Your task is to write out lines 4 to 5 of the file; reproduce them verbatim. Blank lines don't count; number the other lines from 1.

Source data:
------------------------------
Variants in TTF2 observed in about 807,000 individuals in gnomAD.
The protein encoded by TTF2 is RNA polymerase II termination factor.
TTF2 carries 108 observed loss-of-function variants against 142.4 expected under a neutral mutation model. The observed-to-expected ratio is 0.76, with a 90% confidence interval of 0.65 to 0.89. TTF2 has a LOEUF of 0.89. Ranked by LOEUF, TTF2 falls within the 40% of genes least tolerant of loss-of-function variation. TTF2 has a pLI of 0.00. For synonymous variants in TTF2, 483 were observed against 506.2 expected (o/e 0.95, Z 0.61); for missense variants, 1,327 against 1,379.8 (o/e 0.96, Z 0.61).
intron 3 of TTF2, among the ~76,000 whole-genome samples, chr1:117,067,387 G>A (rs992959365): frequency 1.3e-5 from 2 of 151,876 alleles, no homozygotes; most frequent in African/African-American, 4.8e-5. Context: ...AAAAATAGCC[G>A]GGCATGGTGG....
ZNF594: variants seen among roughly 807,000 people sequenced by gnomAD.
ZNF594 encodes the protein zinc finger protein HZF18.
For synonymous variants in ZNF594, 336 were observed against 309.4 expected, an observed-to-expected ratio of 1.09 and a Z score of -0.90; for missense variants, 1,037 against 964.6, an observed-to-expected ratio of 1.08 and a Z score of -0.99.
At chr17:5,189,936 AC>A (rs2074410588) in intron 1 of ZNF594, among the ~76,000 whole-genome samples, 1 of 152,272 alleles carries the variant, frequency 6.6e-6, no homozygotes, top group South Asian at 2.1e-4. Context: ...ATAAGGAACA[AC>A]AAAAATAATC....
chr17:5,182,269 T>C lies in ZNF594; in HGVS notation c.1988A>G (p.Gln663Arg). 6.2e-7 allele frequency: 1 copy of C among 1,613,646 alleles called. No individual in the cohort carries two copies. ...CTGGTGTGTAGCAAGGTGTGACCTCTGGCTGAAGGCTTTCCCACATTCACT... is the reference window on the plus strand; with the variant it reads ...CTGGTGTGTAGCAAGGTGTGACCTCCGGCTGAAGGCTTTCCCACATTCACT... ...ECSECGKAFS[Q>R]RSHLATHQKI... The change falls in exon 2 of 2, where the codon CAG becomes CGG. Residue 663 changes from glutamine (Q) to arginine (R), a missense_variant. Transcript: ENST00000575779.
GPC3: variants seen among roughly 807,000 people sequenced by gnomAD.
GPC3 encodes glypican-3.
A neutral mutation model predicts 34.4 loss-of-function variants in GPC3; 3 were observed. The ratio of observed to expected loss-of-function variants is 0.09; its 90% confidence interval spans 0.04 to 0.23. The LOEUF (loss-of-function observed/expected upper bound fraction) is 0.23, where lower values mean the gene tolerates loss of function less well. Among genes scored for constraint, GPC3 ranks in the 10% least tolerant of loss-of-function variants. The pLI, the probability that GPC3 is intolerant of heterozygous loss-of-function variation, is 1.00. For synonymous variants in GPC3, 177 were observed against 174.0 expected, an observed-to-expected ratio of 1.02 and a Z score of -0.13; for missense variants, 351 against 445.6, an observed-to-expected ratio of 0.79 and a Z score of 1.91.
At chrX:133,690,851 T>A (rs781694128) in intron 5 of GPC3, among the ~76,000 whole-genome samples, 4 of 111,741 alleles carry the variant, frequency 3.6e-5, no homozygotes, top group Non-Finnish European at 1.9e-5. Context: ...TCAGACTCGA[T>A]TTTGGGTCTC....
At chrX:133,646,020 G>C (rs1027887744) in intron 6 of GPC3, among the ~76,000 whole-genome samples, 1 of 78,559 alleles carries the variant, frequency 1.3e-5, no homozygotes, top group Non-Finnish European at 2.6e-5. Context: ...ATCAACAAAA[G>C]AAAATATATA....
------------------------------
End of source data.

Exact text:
intron 3 of TTF2, among the ~76,000 whole-genome samples, chr1:117,067,387 G>A (rs992959365): frequency 1.3e-5 from 2 of 151,876 alleles, no homozygotes; most frequent in African/African-American, 4.8e-5. Context: ...AAAAATAGCC[G>A]GGCATGGTGG....
ZNF594: variants seen among roughly 807,000 people sequenced by gnomAD.